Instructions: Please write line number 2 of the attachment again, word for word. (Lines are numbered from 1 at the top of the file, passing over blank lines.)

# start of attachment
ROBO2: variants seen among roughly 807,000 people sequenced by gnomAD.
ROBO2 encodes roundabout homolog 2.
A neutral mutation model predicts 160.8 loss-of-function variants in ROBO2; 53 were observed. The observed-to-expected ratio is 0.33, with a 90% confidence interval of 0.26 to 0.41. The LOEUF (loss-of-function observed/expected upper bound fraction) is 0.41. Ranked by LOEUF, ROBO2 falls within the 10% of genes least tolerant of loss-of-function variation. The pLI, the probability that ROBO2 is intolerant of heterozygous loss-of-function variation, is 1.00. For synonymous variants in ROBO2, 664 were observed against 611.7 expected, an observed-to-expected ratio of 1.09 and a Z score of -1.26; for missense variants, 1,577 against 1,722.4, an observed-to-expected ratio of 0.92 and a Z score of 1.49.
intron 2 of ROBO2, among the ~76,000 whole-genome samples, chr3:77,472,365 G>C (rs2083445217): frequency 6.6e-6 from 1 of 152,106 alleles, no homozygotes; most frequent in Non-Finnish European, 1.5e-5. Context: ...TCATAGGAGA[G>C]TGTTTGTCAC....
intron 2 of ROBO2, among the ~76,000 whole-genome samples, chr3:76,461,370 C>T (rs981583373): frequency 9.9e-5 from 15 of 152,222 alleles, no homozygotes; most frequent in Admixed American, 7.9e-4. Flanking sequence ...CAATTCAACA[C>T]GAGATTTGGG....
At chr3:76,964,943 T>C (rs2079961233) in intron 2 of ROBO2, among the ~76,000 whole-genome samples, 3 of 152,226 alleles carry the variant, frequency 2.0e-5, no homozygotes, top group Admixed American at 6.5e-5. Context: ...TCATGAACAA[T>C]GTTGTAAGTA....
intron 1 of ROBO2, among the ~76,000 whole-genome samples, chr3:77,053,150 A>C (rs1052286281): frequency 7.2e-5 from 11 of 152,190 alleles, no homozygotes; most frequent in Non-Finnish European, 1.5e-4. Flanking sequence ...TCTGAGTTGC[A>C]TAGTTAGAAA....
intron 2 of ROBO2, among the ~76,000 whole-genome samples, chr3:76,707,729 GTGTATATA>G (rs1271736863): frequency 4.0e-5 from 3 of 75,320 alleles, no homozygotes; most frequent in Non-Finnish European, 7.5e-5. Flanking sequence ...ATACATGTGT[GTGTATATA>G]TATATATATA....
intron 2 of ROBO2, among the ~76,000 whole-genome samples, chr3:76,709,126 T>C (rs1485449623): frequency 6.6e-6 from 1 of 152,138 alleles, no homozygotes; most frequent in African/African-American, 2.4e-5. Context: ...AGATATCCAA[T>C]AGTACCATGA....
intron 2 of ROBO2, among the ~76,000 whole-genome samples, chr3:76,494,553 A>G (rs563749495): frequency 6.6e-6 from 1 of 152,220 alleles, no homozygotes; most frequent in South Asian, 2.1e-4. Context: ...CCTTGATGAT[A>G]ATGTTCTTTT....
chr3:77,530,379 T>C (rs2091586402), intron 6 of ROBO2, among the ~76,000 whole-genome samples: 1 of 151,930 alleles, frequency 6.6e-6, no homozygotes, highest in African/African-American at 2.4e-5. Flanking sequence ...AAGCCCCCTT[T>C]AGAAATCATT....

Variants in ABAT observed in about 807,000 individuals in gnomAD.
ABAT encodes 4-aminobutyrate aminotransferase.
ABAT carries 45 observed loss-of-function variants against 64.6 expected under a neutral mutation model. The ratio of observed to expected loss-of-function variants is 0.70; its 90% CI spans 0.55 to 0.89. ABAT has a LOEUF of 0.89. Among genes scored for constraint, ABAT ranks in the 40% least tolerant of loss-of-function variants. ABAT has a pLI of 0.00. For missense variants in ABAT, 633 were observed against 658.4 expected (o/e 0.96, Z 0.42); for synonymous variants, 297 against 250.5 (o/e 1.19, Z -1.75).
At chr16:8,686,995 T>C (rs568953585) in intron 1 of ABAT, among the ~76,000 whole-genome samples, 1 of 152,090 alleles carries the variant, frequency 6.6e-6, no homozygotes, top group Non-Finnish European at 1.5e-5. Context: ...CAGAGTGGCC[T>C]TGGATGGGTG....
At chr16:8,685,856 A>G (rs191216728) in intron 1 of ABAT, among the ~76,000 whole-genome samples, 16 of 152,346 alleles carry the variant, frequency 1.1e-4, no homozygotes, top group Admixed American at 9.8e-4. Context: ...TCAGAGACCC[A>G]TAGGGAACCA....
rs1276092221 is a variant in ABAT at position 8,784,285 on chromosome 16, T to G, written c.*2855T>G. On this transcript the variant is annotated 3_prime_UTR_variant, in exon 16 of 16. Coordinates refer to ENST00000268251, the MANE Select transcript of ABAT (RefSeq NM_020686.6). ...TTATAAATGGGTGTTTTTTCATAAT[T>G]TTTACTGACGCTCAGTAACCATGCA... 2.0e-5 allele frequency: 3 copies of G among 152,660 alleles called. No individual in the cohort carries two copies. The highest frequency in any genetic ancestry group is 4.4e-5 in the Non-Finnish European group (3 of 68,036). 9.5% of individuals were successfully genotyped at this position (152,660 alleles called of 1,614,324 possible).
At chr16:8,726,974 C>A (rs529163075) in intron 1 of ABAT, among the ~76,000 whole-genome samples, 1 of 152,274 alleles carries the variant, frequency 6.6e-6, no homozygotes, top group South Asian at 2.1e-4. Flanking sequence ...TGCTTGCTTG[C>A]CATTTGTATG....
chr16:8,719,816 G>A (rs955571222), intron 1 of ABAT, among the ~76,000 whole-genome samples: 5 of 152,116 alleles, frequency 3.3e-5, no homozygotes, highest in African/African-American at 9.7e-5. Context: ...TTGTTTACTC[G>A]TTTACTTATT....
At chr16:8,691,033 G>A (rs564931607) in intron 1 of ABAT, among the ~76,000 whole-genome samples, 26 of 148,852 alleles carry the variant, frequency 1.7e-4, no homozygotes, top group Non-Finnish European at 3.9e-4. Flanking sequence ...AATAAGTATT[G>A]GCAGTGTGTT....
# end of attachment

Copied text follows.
ROBO2 encodes roundabout homolog 2.